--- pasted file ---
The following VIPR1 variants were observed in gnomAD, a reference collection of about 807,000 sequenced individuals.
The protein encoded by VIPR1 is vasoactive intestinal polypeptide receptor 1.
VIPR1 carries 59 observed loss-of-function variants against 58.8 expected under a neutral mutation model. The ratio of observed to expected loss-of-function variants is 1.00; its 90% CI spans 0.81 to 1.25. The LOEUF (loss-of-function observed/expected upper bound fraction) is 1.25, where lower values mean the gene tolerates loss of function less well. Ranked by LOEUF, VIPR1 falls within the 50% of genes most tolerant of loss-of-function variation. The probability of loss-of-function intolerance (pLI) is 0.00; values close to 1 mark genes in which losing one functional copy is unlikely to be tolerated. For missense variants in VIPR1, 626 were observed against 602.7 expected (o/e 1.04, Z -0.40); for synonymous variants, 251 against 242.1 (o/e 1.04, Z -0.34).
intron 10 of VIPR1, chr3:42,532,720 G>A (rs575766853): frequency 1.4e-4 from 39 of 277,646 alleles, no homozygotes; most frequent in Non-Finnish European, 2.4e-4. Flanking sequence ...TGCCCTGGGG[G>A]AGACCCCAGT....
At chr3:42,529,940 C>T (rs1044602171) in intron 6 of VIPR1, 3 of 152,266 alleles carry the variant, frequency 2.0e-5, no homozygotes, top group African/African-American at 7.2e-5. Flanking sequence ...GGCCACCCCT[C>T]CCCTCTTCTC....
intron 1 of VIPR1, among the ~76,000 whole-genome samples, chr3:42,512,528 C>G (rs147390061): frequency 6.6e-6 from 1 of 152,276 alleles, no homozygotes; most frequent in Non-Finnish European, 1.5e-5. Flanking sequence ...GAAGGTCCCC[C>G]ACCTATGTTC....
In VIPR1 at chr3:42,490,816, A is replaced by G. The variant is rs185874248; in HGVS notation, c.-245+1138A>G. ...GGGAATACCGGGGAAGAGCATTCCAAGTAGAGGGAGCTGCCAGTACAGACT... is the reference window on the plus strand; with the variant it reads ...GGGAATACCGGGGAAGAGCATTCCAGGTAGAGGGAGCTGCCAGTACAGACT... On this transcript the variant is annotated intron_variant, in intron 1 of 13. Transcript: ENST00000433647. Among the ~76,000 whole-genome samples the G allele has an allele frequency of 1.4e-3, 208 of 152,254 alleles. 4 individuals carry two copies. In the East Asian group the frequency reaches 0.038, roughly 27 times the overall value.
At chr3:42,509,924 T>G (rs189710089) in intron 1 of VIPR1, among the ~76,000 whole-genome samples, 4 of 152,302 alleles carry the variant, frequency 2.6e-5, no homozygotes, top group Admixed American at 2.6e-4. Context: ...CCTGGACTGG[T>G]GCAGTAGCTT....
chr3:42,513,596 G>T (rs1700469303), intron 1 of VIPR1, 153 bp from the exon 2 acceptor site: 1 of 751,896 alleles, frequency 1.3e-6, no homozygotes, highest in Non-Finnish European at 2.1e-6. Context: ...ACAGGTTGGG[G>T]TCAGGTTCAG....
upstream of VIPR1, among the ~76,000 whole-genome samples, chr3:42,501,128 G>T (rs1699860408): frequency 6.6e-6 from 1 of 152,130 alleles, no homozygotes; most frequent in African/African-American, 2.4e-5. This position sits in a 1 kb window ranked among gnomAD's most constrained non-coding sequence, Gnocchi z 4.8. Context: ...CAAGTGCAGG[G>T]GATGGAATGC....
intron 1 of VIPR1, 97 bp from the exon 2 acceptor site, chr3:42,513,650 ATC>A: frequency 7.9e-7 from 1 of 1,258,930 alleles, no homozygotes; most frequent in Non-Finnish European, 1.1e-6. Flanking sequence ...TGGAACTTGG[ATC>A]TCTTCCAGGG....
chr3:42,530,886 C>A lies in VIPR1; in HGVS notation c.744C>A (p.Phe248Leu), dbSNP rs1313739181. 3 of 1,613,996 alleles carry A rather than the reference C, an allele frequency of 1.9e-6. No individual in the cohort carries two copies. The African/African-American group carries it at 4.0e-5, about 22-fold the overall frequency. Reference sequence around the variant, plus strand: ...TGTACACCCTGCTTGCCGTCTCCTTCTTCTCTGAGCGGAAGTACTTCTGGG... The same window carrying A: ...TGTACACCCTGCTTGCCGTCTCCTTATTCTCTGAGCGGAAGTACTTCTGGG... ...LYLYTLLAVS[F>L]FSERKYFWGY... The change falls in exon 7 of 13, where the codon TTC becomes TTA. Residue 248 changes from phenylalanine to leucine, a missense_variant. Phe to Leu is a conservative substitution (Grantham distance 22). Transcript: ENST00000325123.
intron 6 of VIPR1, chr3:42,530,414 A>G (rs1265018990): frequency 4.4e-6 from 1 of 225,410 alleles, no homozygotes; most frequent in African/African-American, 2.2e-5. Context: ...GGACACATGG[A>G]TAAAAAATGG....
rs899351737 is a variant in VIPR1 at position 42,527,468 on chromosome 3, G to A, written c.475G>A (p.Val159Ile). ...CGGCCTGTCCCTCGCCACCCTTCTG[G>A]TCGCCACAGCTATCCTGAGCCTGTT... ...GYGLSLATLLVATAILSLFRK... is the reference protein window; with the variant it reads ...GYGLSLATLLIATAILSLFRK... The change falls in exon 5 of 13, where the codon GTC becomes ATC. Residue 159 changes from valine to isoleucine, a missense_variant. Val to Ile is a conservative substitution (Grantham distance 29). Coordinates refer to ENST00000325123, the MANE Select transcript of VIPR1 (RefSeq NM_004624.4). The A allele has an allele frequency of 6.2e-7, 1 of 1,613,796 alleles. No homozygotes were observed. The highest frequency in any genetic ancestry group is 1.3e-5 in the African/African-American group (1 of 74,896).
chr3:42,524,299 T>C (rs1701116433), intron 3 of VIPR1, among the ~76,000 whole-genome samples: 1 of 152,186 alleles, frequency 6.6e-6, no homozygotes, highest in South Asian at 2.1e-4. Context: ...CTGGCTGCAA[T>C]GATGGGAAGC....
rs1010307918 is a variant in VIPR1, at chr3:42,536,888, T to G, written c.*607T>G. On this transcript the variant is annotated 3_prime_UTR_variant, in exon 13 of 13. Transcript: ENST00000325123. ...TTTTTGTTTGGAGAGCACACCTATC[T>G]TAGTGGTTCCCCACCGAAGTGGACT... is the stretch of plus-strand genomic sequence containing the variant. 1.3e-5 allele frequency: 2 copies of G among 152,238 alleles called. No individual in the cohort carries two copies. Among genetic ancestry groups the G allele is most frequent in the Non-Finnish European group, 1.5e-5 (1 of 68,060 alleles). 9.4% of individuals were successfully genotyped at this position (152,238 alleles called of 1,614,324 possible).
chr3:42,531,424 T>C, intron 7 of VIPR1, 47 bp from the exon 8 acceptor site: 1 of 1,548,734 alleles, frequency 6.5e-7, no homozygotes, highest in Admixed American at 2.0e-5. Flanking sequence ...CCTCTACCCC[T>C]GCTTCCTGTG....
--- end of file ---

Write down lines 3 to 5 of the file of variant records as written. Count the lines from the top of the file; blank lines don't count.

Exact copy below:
VIPR1 carries 59 observed loss-of-function variants against 58.8 expected under a neutral mutation model. The ratio of observed to expected loss-of-function variants is 1.00; its 90% CI spans 0.81 to 1.25. The LOEUF (loss-of-function observed/expected upper bound fraction) is 1.25, where lower values mean the gene tolerates loss of function less well. Ranked by LOEUF, VIPR1 falls within the 50% of genes most tolerant of loss-of-function variation. The probability of loss-of-function intolerance (pLI) is 0.00; values close to 1 mark genes in which losing one functional copy is unlikely to be tolerated. For missense variants in VIPR1, 626 were observed against 602.7 expected (o/e 1.04, Z -0.40); for synonymous variants, 251 against 242.1 (o/e 1.04, Z -0.34).
intron 10 of VIPR1, chr3:42,532,720 G>A (rs575766853): frequency 1.4e-4 from 39 of 277,646 alleles, no homozygotes; most frequent in Non-Finnish European, 2.4e-4. Flanking sequence ...TGCCCTGGGG[G>A]AGACCCCAGT....
At chr3:42,529,940 C>T (rs1044602171) in intron 6 of VIPR1, 3 of 152,266 alleles carry the variant, frequency 2.0e-5, no homozygotes, top group African/African-American at 7.2e-5. Flanking sequence ...GGCCACCCCT[C>T]CCCTCTTCTC....